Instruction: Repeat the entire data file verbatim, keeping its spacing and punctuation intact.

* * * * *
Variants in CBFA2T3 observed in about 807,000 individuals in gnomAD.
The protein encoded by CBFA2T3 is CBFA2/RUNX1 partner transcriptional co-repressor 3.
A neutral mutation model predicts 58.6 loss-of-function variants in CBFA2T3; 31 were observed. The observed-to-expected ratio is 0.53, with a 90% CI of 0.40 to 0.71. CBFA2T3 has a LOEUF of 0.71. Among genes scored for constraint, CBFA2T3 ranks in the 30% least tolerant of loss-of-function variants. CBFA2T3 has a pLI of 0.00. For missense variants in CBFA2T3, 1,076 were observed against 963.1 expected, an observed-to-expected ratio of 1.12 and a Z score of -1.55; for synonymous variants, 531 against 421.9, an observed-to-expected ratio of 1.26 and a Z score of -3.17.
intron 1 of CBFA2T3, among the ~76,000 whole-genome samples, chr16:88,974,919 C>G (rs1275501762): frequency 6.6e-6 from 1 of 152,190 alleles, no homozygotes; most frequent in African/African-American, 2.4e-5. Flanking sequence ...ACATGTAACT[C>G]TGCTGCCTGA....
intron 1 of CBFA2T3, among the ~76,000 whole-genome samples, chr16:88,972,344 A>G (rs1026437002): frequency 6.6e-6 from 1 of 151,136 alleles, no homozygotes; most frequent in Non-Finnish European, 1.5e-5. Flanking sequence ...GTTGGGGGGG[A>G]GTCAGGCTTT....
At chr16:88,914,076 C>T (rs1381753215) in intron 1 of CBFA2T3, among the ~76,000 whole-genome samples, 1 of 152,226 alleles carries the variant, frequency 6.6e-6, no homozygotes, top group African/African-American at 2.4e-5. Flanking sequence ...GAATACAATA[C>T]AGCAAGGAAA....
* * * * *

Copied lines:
Variants in CBFA2T3 observed in about 807,000 individuals in gnomAD.
The protein encoded by CBFA2T3 is CBFA2/RUNX1 partner transcriptional co-repressor 3.
A neutral mutation model predicts 58.6 loss-of-function variants in CBFA2T3; 31 were observed. The observed-to-expected ratio is 0.53, with a 90% CI of 0.40 to 0.71. CBFA2T3 has a LOEUF of 0.71. Among genes scored for constraint, CBFA2T3 ranks in the 30% least tolerant of loss-of-function variants. CBFA2T3 has a pLI of 0.00. For missense variants in CBFA2T3, 1,076 were observed against 963.1 expected, an observed-to-expected ratio of 1.12 and a Z score of -1.55; for synonymous variants, 531 against 421.9, an observed-to-expected ratio of 1.26 and a Z score of -3.17.
intron 1 of CBFA2T3, among the ~76,000 whole-genome samples, chr16:88,974,919 C>G (rs1275501762): frequency 6.6e-6 from 1 of 152,190 alleles, no homozygotes; most frequent in African/African-American, 2.4e-5. Flanking sequence ...ACATGTAACT[C>G]TGCTGCCTGA....
intron 1 of CBFA2T3, among the ~76,000 whole-genome samples, chr16:88,972,344 A>G (rs1026437002): frequency 6.6e-6 from 1 of 151,136 alleles, no homozygotes; most frequent in Non-Finnish European, 1.5e-5. Flanking sequence ...GTTGGGGGGG[A>G]GTCAGGCTTT....
At chr16:88,914,076 C>T (rs1381753215) in intron 1 of CBFA2T3, among the ~76,000 whole-genome samples, 1 of 152,226 alleles carries the variant, frequency 6.6e-6, no homozygotes, top group African/African-American at 2.4e-5. Flanking sequence ...GAATACAATA[C>T]AGCAAGGAAA....